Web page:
USACO 2022 February Contest, Silver Problem 1. Redistributing Gifts

USACO 2022 February Contest, Silver Problem 1. Redistributing Gifts

Farmer John has NN gifts labeled 1N1…N for his NN cows, also labeled 1N1…N (1N5001≤N≤500). Each cow has a wishlist, which is a permutation of all NN gifts such that the cow prefers gifts that appear earlier in the list over gifts that appear later in the list.

FJ was lazy and just assigned gift ii to cow ii for all ii. Now, the cows have gathered amongst themselves and decided to reassign the gifts such that after reassignment, every cow ends up with the same gift as she did originally, or a gift that she prefers over the one she was originally assigned.

For each ii from 11 to NN, compute the most preferred gift cow ii could hope to receive after reassignment.

INPUT FORMAT (input arrives from the terminal / stdin):

The first line contains NN. The next NN lines each contain the preference list of a cow. It is guaranteed that each line forms a permutation of 1N1…N.

OUTPUT FORMAT (print output to the terminal / stdout):

Please output NN lines, the ii-th of which contains the most preferred gift cow ii could hope to receive after reassignment.

SAMPLE INPUT:

4
1 2 3 4
1 3 2 4
1 2 3 4
1 2 3 4

SAMPLE OUTPUT:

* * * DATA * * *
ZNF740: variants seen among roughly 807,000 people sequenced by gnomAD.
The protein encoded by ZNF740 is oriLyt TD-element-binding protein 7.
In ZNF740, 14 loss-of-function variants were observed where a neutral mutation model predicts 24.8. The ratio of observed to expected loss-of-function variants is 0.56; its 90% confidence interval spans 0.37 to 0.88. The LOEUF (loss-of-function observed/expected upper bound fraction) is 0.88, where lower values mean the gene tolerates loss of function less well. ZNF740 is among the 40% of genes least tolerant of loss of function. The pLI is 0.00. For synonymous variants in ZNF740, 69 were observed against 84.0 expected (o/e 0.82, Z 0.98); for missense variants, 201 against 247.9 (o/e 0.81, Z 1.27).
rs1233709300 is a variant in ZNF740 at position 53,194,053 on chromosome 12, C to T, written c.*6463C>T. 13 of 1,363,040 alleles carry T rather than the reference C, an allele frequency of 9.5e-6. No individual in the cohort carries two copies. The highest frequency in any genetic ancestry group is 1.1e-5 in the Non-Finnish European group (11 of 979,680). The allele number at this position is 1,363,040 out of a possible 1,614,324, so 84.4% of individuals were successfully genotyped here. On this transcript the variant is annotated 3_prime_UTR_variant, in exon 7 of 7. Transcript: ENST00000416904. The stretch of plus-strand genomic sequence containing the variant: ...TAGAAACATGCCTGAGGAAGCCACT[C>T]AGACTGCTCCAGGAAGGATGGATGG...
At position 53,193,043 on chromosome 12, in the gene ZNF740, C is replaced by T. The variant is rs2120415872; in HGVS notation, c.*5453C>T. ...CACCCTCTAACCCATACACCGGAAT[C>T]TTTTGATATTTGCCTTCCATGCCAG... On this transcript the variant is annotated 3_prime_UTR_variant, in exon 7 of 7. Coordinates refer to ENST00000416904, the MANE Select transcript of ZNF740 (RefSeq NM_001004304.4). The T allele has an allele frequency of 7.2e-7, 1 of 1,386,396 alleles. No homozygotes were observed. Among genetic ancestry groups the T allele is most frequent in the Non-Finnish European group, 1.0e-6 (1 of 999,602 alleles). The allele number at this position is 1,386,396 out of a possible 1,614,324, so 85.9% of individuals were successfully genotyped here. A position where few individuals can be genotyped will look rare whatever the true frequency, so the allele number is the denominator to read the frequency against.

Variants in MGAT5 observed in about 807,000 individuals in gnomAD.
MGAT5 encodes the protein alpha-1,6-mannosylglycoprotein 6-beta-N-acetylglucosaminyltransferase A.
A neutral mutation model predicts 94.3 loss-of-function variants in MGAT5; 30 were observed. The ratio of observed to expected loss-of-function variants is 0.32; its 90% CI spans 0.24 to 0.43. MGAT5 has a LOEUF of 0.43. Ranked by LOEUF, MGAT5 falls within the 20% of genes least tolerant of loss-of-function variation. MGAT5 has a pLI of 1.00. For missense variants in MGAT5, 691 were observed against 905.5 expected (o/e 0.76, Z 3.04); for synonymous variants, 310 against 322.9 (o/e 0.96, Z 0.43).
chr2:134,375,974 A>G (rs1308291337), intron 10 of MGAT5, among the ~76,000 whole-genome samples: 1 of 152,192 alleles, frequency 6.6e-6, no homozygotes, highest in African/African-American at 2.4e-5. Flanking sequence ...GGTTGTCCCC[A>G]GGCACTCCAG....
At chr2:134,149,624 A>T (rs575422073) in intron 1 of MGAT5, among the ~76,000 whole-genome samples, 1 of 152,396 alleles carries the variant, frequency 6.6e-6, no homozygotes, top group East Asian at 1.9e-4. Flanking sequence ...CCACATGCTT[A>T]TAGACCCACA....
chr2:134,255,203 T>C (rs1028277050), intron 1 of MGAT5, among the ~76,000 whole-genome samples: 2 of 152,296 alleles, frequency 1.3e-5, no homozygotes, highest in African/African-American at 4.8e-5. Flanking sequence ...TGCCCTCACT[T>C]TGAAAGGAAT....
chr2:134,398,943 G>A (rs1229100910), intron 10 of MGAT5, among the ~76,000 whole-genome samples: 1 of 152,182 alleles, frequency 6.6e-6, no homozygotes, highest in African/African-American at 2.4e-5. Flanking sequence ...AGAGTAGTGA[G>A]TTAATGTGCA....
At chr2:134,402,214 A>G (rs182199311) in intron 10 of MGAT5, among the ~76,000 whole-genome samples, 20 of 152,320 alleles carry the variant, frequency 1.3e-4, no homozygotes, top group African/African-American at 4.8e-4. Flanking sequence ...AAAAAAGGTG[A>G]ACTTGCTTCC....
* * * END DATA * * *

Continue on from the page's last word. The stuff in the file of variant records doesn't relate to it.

1
3
2
4

In this example, there are two possible reassignments:

  • The original assignment: cow 11 receives gift 11, cow 22 receives gift 22, cow 33 receives gift 33, and cow 44 receives gift 44.
  • Cow 11 receives gift 11, cow 22 receives gift 33, cow 33 receives gift 22, and cow 44 receives gift 44.

Observe that both cows 11 and 44 cannot hope to receive better gifts than they were originally assigned. However, both cows 22 and 33 can.

SCORING:

 

  • Test cases 2-3 satisfy N8N≤8.
  • Test cases 4-11 satisfy no additional constraints.

 

Problem credits: Benjamin Qi

USACO 2022 February Contest, Silver Problem 1. Redistributing Gifts 题解(翰林国际教育提供,仅供参考)

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(Analysis by Benjamin Qi)

Let's start by constructing a directed graph GG with vertices labeled 1N1…N that contains an edge iji→j if i=ji=j or cow ii prefers gift jj to gift ii. For the sample case, GG would contain the following edges:

 

1 -> 1
2 -> 1
2 -> 3
2 -> 2
3 -> 1
3 -> 2
3 -> 3
4 -> 1
4 -> 2
4 -> 3
4 -> 4

There is a one-to-one correspondence between valid distributions and partitions of the vertices of GG into simple cycles. For example, assigning gift 1 to cow 1, gift 3 to cow 2, gift 2 to cow 3, and gift 4 to cow 4 would correspond to the following subset of GG's edges: {11,23,32,44}{1→1,2→3,3→2,4→4}. This subset of edges partitions the vertices of GG into three cycles: a self-loop involving 11, a loop involving 22 and 33, and another self-loop involving 44.

Observation 1: There is a distribution where cow ii receives gift jj if and only if GG has a simple cycle containing edge iji→j.

Proof:

Only If: A distribution where cow ii receives cow jj corresponds to a partition of the vertices of GG into some number of simple cycles containing the edge iji→j. It follows that one of those simple cycles contains the edge iji→j.

If: Suppose there exists a simple cycle CC containing iji→j. Then we can assign each cow along CC the gift originally given to the next cow along the cycle, and every cow along CC will end up strictly better off. Let all cows not along CC receive their original gifts. This corresponds to a valid distribution. 

Observation 2: Using the first observation, GG has a simple cycle containing edge iji→j if and only if there exists a path from jj to ii.